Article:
Licensing Tax Preparers Won't Help Consumers
Making it more difficult for individuals to get the assistance they need will help no one. There are plenty of creative, helpful and productive reform proposals coming from a variety of sources. Licensing preparers just isn't one of them.
"[T]he power to tax," Supreme Court Chief Justice John Marshall wrote nearly 200 years ago, "involves the power to destroy." So is the power to regulate, which is one reason why the most recent attempt to "help" taxpayers by licensing tax return preparers deserves a skeptical eye.
The Tax Return Preparer Competency Act, which would require anyone taking money to help others with their taxes to register with the IRS, submit to a background check, pass an exam and complete continuing education classes each year, is an attempt to achieve two goals. Rep. Diane Black (R-Tenn.), one of the bill's sponsors, noted that licensing tax preparers would protect against both dishonest preparers and fraudulent returns. She cited a 2013 report from the Treasury Inspector General for Tax Administration proclaiming that the IRS may have issued more than $15 billion in improper earned income tax credit (EITC) payments in that year alone.
Certainly, fraud is a problem. However, does regulating the people helping others to prepare their taxes actually solve it?
The issue is larger, and more systemic, than simply trying to ensure that only the most honest dealers prepare tax returns. It's important to start by asking why so many individuals turn to others to fill out their forms in the first place. That answer is simple: The tax code as it stands today is a mammoth, complex mess. Littered with loopholes, exemptions, credits and other various programs, the increasing complexity in the code only creates confusion over how to comply.
It should be no surprise, then, when Black cites estimates that 80 million Americans turn to tax preparers to assist in filing their yearly returns. Others estimate that nearly 60 percent of all taxpayers pay someone else to fill out forms for them. Overall, when including those who use tax preparation software, 90 percent of taxpayers seek some form of assistance.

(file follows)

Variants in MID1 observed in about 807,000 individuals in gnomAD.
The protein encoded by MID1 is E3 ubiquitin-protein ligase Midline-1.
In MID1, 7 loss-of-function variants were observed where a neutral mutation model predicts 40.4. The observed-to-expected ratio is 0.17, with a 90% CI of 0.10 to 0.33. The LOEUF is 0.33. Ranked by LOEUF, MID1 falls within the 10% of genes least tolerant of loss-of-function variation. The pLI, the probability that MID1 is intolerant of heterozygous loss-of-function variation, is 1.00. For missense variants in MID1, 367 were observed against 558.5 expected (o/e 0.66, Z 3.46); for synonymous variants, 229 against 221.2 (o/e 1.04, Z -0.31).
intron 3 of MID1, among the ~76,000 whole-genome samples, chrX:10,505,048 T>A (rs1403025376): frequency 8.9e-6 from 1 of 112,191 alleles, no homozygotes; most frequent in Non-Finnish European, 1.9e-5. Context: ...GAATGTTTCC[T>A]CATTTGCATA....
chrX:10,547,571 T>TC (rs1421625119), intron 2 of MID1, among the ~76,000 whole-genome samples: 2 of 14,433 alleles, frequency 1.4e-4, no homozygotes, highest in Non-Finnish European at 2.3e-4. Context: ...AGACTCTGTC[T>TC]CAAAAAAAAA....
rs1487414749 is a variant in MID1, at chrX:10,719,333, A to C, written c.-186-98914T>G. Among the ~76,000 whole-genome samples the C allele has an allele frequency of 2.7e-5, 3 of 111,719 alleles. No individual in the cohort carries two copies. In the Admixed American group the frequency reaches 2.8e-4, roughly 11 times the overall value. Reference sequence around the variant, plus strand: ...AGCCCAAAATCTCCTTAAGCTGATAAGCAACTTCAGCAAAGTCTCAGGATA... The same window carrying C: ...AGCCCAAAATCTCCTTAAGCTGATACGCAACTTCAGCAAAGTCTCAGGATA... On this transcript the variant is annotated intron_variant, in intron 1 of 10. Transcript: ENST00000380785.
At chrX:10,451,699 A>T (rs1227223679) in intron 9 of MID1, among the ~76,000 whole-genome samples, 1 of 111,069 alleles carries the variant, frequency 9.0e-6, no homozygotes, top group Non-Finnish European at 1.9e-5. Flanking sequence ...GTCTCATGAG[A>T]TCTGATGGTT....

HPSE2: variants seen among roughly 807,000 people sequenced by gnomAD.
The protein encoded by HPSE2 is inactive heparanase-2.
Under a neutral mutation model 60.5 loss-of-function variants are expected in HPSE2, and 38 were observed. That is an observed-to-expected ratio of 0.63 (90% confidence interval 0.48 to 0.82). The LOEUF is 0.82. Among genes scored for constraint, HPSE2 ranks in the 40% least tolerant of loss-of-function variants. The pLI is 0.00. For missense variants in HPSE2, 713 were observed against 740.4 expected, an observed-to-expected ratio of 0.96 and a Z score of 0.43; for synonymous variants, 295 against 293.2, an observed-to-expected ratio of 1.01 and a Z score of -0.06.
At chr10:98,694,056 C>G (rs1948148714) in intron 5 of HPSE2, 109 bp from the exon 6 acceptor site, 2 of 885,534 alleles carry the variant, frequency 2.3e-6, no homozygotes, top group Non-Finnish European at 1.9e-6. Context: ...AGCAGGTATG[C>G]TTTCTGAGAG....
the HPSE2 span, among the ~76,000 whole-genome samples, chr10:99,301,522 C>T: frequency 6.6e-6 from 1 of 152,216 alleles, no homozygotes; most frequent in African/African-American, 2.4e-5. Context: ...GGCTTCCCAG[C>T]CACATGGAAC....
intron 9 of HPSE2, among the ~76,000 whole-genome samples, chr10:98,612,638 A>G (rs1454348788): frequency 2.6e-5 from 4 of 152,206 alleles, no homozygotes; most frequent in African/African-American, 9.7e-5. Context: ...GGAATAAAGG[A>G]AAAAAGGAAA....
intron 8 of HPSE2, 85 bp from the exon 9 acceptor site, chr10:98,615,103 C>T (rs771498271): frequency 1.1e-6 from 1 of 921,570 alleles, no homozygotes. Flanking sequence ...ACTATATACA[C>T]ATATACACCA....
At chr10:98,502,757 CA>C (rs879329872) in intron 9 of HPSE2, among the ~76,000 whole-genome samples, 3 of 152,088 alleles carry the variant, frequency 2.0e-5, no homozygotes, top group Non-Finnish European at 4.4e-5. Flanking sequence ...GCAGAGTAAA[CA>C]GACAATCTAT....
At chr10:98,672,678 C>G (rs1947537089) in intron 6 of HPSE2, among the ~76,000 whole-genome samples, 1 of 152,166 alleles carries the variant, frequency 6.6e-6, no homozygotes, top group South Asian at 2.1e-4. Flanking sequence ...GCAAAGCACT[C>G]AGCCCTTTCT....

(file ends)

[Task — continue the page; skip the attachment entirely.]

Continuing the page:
With a tax code so unwieldy and complicated that nearly every American needs help complying, how would regulating preparers make things easier? It won't.
In fact, regulating preparers will destroy a lifeline for many low-income individuals to get the help they need at a price they can afford. History makes this clear. When the IRS attempted to impose similar regulations on their own in 2010, the results were unequivocally disastrous. Testifying before the Senate on licensing tax preparers, Dan Alban of the Institute for Justice explained that it led to a sudden loss of more than 200,000 preparers. Alban has explained that the data "indicates industry consolidation as small preparers are squeezed out of the market by the cost of compliance with burdensome regulations. Licensing will only further exacerbate this problem."
If the goal is curtailing improper EITC payments, then taking away the assistance that many low-income families have come to rely on might have the opposite affect; forcing families to file returns themselves and simply guess as to whether or not they are eligible for programs.
Ultimately, if policymakers truly don't like taxpayers taking advantage of the EITC payments — or any other programs — that they are ineligible for, there are plenty of solutions beyond trying to license preparers. First, policymakers could always simplify the code. Second, every tax preparer must already put his or her name on the returns they prepare. If the policymakers are interested in prosecuting tax fraud, they already know where to find the fraudulent preparers.
Moreover, as I've explained in a recent research, there are a number of mechanisms that consumers can use to protect themselves against fraudulent activity. In fact, with the growth of services such as Yelp, Consumer Reports and others, consumers are likely in a better position to protect themselves than the federal government is to tell them who is — or is not — an honest dealer.
The problems with tax compliance have little to do with who is preparing returns. Making it more difficult for individuals to get the assistance they need will help no one. There are plenty of creative, helpful and productive reform proposals coming from a variety of sources. Licensing preparers just isn't one of them.